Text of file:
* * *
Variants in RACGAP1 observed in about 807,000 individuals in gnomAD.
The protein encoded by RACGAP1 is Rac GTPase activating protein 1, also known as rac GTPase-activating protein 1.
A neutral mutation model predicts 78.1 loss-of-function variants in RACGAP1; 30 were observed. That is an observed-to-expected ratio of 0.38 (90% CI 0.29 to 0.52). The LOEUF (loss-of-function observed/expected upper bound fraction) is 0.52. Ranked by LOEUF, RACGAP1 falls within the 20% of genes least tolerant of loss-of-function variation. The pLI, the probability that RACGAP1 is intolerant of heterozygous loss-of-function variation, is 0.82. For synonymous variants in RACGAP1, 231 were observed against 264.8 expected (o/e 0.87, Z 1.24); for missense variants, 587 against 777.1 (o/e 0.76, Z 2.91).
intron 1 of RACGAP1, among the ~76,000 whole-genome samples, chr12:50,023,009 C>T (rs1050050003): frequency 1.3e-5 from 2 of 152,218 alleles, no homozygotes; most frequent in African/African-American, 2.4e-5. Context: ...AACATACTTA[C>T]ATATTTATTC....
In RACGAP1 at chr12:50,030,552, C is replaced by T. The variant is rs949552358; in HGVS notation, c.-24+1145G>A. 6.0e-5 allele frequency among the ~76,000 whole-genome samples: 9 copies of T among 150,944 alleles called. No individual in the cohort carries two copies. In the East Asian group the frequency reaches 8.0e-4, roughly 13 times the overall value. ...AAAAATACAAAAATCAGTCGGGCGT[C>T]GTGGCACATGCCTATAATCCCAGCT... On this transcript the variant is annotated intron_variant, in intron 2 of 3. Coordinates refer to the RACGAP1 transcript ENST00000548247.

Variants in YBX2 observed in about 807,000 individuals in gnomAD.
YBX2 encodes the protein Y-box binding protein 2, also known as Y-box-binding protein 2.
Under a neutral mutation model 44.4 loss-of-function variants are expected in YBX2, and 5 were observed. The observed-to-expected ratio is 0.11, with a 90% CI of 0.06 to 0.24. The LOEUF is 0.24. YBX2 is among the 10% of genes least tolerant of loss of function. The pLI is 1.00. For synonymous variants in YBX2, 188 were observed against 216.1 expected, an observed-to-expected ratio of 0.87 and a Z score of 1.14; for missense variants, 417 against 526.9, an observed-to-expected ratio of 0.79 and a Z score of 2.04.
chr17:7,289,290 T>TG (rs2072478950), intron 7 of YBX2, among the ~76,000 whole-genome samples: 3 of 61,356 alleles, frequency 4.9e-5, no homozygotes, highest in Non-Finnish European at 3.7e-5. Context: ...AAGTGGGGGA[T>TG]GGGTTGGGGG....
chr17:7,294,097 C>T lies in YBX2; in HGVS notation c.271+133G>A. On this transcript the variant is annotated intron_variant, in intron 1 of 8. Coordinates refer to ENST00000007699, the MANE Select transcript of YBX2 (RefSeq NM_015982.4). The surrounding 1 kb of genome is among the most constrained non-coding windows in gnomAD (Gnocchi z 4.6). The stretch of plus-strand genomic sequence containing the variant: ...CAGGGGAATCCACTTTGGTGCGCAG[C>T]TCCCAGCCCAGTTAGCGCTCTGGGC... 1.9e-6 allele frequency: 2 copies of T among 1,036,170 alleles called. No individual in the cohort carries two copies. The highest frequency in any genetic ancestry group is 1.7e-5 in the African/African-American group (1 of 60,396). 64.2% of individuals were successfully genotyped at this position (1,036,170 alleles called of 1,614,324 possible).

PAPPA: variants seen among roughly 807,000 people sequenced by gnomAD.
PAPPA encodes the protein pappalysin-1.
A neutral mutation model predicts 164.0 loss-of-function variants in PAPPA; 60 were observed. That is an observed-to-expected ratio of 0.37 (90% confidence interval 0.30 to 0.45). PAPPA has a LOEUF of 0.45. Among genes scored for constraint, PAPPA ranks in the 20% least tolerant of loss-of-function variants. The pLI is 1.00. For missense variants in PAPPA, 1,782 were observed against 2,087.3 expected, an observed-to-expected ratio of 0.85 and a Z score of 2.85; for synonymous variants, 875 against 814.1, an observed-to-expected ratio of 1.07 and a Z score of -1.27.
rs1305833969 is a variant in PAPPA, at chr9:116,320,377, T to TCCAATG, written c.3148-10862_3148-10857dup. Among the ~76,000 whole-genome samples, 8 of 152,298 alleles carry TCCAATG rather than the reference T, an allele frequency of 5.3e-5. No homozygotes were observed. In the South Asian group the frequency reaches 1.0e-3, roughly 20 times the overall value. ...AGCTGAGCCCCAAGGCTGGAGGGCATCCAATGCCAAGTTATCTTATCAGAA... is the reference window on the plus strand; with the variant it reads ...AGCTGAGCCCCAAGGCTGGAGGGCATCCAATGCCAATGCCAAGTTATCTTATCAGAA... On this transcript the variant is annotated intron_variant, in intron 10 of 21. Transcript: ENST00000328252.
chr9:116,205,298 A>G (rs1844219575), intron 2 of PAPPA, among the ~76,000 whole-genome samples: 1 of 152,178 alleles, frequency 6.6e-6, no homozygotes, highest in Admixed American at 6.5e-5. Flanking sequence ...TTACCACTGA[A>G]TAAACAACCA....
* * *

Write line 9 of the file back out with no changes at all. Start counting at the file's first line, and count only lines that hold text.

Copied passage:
chr17:7,289,290 T>TG (rs2072478950), intron 7 of YBX2, among the ~76,000 whole-genome samples: 3 of 61,356 alleles, frequency 4.9e-5, no homozygotes, highest in Non-Finnish European at 3.7e-5. Context: ...AAGTGGGGGA[T>TG]GGGTTGGGGG....